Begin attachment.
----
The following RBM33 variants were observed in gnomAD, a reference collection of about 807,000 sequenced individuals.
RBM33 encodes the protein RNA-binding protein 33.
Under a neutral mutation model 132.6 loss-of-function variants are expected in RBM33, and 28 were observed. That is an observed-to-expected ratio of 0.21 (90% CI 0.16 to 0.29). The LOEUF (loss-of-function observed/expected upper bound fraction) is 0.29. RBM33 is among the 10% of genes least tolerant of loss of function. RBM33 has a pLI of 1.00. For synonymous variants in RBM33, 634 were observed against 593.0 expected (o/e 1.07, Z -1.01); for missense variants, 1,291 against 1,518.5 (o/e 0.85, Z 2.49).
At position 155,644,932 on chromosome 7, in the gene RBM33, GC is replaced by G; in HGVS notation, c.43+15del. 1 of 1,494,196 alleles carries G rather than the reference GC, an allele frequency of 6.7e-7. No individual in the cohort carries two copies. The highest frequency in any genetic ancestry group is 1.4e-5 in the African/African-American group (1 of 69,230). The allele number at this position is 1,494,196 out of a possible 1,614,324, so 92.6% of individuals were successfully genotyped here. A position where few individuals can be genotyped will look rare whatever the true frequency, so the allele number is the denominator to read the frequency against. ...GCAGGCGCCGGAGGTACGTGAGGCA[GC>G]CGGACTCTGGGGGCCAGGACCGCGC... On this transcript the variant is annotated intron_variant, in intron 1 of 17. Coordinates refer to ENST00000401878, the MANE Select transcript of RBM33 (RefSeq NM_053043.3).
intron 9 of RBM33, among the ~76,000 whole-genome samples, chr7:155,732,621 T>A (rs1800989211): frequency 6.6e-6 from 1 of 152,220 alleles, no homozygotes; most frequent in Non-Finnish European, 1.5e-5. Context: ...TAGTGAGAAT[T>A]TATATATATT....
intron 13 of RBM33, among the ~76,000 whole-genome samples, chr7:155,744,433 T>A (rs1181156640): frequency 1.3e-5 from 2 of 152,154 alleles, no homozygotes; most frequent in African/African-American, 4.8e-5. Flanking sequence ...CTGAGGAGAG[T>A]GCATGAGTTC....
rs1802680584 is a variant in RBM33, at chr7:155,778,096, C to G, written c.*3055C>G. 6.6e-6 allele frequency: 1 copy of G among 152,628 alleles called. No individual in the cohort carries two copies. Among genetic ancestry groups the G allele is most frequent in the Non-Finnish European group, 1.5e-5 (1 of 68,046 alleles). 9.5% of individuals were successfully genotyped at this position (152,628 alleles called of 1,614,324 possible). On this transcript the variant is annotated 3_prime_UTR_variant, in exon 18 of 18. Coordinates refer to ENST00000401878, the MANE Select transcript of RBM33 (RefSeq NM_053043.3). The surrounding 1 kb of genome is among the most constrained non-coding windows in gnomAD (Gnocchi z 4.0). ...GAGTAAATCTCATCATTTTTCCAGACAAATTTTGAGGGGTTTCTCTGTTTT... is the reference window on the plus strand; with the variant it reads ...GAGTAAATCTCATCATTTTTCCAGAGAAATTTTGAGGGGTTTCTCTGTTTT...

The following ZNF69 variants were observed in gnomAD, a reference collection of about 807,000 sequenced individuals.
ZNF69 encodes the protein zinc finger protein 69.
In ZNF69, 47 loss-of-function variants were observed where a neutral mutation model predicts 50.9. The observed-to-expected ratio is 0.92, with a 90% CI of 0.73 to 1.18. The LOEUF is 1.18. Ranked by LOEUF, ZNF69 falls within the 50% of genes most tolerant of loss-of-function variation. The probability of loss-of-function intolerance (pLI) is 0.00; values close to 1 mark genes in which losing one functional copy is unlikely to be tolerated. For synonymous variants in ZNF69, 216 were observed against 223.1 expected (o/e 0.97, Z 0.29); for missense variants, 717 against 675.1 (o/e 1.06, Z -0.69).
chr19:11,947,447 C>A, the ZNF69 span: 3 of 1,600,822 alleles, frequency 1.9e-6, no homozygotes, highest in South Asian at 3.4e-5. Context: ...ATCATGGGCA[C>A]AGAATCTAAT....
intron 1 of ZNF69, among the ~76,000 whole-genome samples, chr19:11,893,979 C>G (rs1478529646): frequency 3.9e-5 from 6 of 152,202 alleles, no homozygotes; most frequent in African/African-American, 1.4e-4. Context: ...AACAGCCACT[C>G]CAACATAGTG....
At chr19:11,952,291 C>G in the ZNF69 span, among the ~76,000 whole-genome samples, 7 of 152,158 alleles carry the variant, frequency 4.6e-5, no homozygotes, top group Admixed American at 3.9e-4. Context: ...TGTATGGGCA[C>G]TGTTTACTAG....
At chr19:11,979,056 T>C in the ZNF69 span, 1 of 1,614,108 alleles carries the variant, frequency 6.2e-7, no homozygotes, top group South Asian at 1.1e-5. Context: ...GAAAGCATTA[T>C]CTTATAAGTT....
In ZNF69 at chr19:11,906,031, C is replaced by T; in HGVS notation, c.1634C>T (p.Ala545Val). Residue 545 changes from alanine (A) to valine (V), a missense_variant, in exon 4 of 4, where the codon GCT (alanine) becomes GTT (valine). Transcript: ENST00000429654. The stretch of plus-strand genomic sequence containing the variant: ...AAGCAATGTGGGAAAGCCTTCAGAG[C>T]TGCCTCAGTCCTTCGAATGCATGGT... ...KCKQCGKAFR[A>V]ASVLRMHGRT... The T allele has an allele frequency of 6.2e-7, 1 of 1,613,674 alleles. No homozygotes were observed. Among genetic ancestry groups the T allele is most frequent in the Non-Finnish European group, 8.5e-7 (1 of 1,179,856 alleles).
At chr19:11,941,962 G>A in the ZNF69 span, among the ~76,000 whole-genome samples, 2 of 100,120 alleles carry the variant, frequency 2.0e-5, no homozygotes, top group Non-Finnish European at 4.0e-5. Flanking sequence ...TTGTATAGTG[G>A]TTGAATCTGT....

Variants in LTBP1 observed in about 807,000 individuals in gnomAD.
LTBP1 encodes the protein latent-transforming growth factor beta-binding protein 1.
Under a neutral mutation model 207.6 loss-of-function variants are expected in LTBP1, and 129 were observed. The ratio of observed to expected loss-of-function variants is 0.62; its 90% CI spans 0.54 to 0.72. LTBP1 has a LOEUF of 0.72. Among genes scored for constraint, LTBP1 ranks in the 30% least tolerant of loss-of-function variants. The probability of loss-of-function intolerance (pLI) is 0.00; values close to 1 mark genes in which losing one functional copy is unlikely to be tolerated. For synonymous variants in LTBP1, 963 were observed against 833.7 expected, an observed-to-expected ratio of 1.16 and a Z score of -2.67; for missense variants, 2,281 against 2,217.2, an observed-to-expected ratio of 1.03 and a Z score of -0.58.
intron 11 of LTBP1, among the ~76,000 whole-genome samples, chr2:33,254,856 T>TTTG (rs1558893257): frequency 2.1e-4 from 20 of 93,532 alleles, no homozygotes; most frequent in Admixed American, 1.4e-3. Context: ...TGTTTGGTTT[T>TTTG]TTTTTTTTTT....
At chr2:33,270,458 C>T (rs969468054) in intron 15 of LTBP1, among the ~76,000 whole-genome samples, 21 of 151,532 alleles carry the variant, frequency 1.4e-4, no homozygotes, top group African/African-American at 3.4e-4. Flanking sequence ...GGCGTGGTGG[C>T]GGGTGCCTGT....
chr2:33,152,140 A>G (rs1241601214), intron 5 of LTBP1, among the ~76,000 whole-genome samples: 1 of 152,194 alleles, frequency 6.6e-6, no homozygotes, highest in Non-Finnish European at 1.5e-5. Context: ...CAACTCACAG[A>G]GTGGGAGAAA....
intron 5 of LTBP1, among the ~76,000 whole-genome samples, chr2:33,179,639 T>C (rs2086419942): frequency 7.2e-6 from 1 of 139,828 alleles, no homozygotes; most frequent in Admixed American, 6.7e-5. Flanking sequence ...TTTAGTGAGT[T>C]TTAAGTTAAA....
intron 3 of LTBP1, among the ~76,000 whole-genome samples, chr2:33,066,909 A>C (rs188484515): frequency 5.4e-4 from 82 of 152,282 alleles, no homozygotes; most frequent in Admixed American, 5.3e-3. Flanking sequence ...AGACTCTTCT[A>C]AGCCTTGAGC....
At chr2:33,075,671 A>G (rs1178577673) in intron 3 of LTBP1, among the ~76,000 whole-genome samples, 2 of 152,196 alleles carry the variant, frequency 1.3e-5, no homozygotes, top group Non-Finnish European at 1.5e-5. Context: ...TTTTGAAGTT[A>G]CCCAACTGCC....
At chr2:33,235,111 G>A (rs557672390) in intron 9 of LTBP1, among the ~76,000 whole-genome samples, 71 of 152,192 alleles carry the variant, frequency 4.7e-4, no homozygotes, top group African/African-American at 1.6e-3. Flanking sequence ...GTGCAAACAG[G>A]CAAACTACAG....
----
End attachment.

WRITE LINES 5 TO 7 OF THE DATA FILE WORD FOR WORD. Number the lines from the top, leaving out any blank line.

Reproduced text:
intron 9 of RBM33, among the ~76,000 whole-genome samples, chr7:155,732,621 T>A (rs1800989211): frequency 6.6e-6 from 1 of 152,220 alleles, no homozygotes; most frequent in Non-Finnish European, 1.5e-5. Context: ...TAGTGAGAAT[T>A]TATATATATT....
intron 13 of RBM33, among the ~76,000 whole-genome samples, chr7:155,744,433 T>A (rs1181156640): frequency 1.3e-5 from 2 of 152,154 alleles, no homozygotes; most frequent in African/African-American, 4.8e-5. Flanking sequence ...CTGAGGAGAG[T>A]GCATGAGTTC....
rs1802680584 is a variant in RBM33, at chr7:155,778,096, C to G, written c.*3055C>G. 6.6e-6 allele frequency: 1 copy of G among 152,628 alleles called. No individual in the cohort carries two copies. Among genetic ancestry groups the G allele is most frequent in the Non-Finnish European group, 1.5e-5 (1 of 68,046 alleles). 9.5% of individuals were successfully genotyped at this position (152,628 alleles called of 1,614,324 possible). On this transcript the variant is annotated 3_prime_UTR_variant, in exon 18 of 18. Coordinates refer to ENST00000401878, the MANE Select transcript of RBM33 (RefSeq NM_053043.3). The surrounding 1 kb of genome is among the most constrained non-coding windows in gnomAD (Gnocchi z 4.0). ...GAGTAAATCTCATCATTTTTCCAGACAAATTTTGAGGGGTTTCTCTGTTTT... is the reference window on the plus strand; with the variant it reads ...GAGTAAATCTCATCATTTTTCCAGAGAAATTTTGAGGGGTTTCTCTGTTTT...